The share price of gold miner Centamin* (LON:CEY) has slumped by over 12% in the last two weeks. Apart from a 1.5% fall in the price of gold in the same time period, the only other significant news regarding the company was the sale of almost £40 million of shares by its Chairman, Josef El-Raghy.
While £40 million is a large amount of money by anyone’s standards, given Centamin has a market capitalisation of £1.8 billion it is small change. However, it is the signal which such a relatively large share sale gives to investors which matters the most. It can cause uncertainty, since investors may adopt the view that the Chairman is unsure of the company’s future, valuation, or both. Therefore, insider dealing still seems to matter in the short run – especially in today’s rapidly changing investment world.
However, the extent to which it affects long-term returns is somewhat questionable. The ability of any senior manager at any company to accurately and consistently predict investment returns is probably no better than the average investor’s. Therefore, I think Centamin’s now lower valuation following its share price fall makes it an even better buy, with the bright prospects for gold being the key reason.
Follow their lead?
All investors have weaknesses and in my opinion one of the most common is a tendency to rely on authority figures when making decisions. They may be senior managers within the company in which you are an investor, well-known investors or successful business people. For many investors, their actions carry an authority and weight which influences their decision making. For example, an investor may follow Warren Buffett’s lead on a particular stock, or follow a CEO or Chairman after they buy or sell shares in the company for which they work.
Following Warren Buffett over the last few decades would obviously have been a good move. He’s outperformed the S&P 500 for a long period of time. However, he is a successful investor, not a successful manager within a listed company. The success of following their investment decisions and/or opinions is more questionable. For instance, in 1929 the Rockefeller family and a range of other business leaders piled into shares. After a one-day rise, their investments proceeded to collapse.
In that scenario, the business people involved were more likely to be buying to try and calm investors, rather than because they had a unique insight into how future events would pan out. Today, little has changed, in my view. There are so many variables which influence share prices that even if a company’s financial performance is likely to deteriorate, its shares can still offer outperformance versus the wider market. And vice versa: just because a company’s sales or profit rise does not necessarily make it a successful investment, in my opinion.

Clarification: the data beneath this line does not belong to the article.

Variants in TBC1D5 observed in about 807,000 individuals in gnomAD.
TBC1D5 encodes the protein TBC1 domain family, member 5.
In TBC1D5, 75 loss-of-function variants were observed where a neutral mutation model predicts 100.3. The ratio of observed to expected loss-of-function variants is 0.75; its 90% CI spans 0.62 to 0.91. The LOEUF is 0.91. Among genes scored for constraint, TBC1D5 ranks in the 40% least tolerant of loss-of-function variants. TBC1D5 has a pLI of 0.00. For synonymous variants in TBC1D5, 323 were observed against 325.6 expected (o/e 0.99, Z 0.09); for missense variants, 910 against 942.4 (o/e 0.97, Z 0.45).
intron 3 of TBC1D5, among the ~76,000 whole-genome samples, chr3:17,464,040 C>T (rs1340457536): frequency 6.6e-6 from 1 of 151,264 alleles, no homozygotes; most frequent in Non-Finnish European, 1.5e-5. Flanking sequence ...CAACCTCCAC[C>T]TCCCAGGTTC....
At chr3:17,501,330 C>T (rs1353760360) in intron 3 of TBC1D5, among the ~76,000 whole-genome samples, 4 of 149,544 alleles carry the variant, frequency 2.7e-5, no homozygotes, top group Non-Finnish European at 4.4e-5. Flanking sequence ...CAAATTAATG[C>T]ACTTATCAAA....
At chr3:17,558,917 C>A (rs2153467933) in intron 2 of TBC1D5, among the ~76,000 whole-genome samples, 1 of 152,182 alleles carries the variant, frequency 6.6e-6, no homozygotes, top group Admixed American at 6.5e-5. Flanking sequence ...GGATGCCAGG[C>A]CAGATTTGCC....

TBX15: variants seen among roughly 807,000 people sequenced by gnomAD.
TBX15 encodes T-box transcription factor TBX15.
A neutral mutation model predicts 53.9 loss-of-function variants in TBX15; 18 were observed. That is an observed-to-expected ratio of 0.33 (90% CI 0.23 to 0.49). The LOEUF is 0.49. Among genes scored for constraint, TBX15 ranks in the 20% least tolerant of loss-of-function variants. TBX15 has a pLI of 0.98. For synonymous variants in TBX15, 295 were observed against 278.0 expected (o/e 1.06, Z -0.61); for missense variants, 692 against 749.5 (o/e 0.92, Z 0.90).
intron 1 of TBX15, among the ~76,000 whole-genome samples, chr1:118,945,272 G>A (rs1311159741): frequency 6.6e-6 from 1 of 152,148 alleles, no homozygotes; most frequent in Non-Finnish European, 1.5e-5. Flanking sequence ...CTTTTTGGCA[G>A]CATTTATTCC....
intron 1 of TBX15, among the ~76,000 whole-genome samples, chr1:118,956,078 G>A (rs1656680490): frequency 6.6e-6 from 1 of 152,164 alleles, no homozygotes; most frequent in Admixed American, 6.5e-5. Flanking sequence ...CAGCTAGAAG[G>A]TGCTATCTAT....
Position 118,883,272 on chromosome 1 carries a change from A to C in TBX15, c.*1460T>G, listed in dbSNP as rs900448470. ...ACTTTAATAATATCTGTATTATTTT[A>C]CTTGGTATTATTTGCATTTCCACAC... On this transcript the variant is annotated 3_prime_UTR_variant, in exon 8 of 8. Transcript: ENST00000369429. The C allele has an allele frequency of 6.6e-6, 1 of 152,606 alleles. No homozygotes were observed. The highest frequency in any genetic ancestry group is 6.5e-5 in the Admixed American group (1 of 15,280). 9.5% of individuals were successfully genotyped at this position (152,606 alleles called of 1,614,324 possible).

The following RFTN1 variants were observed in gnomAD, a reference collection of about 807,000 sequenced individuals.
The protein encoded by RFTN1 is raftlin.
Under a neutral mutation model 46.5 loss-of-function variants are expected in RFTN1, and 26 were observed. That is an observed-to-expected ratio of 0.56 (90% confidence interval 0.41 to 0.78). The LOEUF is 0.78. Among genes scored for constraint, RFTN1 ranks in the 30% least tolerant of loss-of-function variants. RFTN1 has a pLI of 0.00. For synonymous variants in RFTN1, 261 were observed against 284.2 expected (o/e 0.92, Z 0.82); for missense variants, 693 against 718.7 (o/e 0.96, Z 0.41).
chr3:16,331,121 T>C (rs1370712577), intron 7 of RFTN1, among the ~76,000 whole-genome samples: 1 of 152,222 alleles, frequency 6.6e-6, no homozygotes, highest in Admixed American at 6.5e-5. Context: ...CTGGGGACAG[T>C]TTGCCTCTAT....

In Centamin’s case, the sale of shares by its Chairman may have contributed to a falling share price. However, in the long run I believe its investment case is now stronger than prior to the share sale. The main reason for this is the company’s valuation. Now it’s fallen 12%+, Centamin has a P/E of 15.3. Two weeks ago it was 17.4. In my opinion, given the outlook for the company and for the gold price has not changed materially in that time, logic says the company’s shares are more worthy of a buy than they were a fortnight ago.
…logic says the company’s shares are more worthy of a buy than they were a fortnight ago.
In my opinion, the future for gold shares is volatility in the short run and growth in the long run. I think there is still some way to go until the political events of the last nine months shake out and a clear pattern emerges. I had thought higher uncertainty would cause the price of gold to rise dramatically. While it has done since the New Year, it has gained less than I expected. However, I believe there is still potential for uncertainty as Trump’s policies begin to be implemented and Brexit talks get underway.
Particularly, though, I think gold will rise because of higher inflation. Trump’s spending plans include tax cuts for millions of Americans and increases in defence spending and infrastructure spending. In other words, a more accommodative fiscal policy. In spite of the hawkish tone of the Federal Reserve, I think they will struggle to stay ahead of the curve on interest rate rises and inflation. This is partly because of time lags, but also because of a fear of slowing down the recovery in the US economy. In my opinion, this will be good news for gold as it has historically been viewed as a hedge against inflation, and I see no reason why things will be any different this time in that respect.
Centamin’s shares are not a perfect tracker of the gold price. However, like any pure play resources company, its success or failure is largely dependent on the price of the commodity it produces. Although the company’s chairman has sold a large amount of shares, I do not believe this is a sell signal. If it was a consistently successful investor such as Warren Buffett, then it may be worth considering. But since share prices include such a vast array of variables and senior managers in general have a questionable track record at predicting future share price movements, I think Centamin’s outlook remains positive.
Its shares are now cheaper than they were two weeks ago. For me, that means more growth potential. I’m bullish on gold because I think uncertainty may rise in the remainder of 2017, and higher inflation in the US may lead to increasing demand for the precious metal. Therefore, rather than a director sell making Centamin less appealing, I think it makes it an even more logical buy.
* Robert Stephens, CFA, owns shares in Centamin at the time of writing.